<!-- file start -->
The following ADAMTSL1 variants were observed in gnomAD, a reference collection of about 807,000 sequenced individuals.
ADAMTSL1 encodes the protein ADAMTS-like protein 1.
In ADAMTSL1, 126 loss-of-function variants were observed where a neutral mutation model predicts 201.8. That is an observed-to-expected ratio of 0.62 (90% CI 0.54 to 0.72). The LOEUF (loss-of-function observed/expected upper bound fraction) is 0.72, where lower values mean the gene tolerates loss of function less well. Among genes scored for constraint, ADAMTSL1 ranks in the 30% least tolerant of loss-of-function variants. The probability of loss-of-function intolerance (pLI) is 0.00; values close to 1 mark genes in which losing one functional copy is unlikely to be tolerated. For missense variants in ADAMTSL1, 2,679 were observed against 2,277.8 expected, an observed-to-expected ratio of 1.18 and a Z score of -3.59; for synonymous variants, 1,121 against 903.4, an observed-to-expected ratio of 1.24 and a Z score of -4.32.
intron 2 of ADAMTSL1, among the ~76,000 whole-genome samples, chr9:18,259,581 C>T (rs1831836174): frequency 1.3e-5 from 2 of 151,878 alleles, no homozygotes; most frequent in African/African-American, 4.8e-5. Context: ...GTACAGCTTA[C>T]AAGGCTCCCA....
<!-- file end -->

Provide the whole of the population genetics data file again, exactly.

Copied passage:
The following ADAMTSL1 variants were observed in gnomAD, a reference collection of about 807,000 sequenced individuals.
ADAMTSL1 encodes the protein ADAMTS-like protein 1.
In ADAMTSL1, 126 loss-of-function variants were observed where a neutral mutation model predicts 201.8. That is an observed-to-expected ratio of 0.62 (90% CI 0.54 to 0.72). The LOEUF (loss-of-function observed/expected upper bound fraction) is 0.72, where lower values mean the gene tolerates loss of function less well. Among genes scored for constraint, ADAMTSL1 ranks in the 30% least tolerant of loss-of-function variants. The probability of loss-of-function intolerance (pLI) is 0.00; values close to 1 mark genes in which losing one functional copy is unlikely to be tolerated. For missense variants in ADAMTSL1, 2,679 were observed against 2,277.8 expected, an observed-to-expected ratio of 1.18 and a Z score of -3.59; for synonymous variants, 1,121 against 903.4, an observed-to-expected ratio of 1.24 and a Z score of -4.32.
intron 2 of ADAMTSL1, among the ~76,000 whole-genome samples, chr9:18,259,581 C>T (rs1831836174): frequency 1.3e-5 from 2 of 151,878 alleles, no homozygotes; most frequent in African/African-American, 4.8e-5. Context: ...GTACAGCTTA[C>T]AAGGCTCCCA....